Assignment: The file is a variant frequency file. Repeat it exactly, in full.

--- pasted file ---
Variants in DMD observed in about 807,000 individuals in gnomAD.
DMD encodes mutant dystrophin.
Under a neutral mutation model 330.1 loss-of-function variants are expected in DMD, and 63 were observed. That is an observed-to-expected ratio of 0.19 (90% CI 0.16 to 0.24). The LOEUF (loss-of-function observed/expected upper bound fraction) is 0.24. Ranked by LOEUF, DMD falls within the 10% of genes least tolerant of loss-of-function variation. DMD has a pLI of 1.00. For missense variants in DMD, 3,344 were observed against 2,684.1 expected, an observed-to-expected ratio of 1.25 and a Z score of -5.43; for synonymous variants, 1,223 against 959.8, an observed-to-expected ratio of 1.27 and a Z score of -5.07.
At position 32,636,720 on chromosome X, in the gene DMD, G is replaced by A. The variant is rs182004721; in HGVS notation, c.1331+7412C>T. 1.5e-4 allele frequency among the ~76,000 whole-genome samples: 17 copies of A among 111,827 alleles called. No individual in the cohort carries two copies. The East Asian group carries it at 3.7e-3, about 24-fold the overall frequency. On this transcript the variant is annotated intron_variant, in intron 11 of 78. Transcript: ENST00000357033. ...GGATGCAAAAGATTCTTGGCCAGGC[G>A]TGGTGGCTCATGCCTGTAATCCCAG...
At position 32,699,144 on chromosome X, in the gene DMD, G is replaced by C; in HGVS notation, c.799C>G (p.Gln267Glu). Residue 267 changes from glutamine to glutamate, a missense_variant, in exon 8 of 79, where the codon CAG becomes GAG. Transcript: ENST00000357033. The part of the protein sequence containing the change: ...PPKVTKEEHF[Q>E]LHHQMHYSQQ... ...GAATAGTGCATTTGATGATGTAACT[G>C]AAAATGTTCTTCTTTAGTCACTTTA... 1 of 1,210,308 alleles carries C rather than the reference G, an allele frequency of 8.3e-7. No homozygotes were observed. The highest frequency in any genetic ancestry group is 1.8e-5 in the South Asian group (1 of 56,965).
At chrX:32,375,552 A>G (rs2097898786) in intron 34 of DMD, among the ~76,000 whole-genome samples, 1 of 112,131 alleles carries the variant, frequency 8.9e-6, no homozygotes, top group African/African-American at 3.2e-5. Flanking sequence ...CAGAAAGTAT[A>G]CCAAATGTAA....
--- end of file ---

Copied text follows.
Variants in DMD observed in about 807,000 individuals in gnomAD.
DMD encodes mutant dystrophin.
Under a neutral mutation model 330.1 loss-of-function variants are expected in DMD, and 63 were observed. That is an observed-to-expected ratio of 0.19 (90% CI 0.16 to 0.24). The LOEUF (loss-of-function observed/expected upper bound fraction) is 0.24. Ranked by LOEUF, DMD falls within the 10% of genes least tolerant of loss-of-function variation. DMD has a pLI of 1.00. For missense variants in DMD, 3,344 were observed against 2,684.1 expected, an observed-to-expected ratio of 1.25 and a Z score of -5.43; for synonymous variants, 1,223 against 959.8, an observed-to-expected ratio of 1.27 and a Z score of -5.07.
At position 32,636,720 on chromosome X, in the gene DMD, G is replaced by A. The variant is rs182004721; in HGVS notation, c.1331+7412C>T. 1.5e-4 allele frequency among the ~76,000 whole-genome samples: 17 copies of A among 111,827 alleles called. No individual in the cohort carries two copies. The East Asian group carries it at 3.7e-3, about 24-fold the overall frequency. On this transcript the variant is annotated intron_variant, in intron 11 of 78. Transcript: ENST00000357033. ...GGATGCAAAAGATTCTTGGCCAGGC[G>A]TGGTGGCTCATGCCTGTAATCCCAG...
At position 32,699,144 on chromosome X, in the gene DMD, G is replaced by C; in HGVS notation, c.799C>G (p.Gln267Glu). Residue 267 changes from glutamine to glutamate, a missense_variant, in exon 8 of 79, where the codon CAG becomes GAG. Transcript: ENST00000357033. The part of the protein sequence containing the change: ...PPKVTKEEHF[Q>E]LHHQMHYSQQ... ...GAATAGTGCATTTGATGATGTAACT[G>C]AAAATGTTCTTCTTTAGTCACTTTA... 1 of 1,210,308 alleles carries C rather than the reference G, an allele frequency of 8.3e-7. No homozygotes were observed. The highest frequency in any genetic ancestry group is 1.8e-5 in the South Asian group (1 of 56,965).
At chrX:32,375,552 A>G (rs2097898786) in intron 34 of DMD, among the ~76,000 whole-genome samples, 1 of 112,131 alleles carries the variant, frequency 8.9e-6, no homozygotes, top group African/African-American at 3.2e-5. Flanking sequence ...CAGAAAGTAT[A>G]CCAAATGTAA....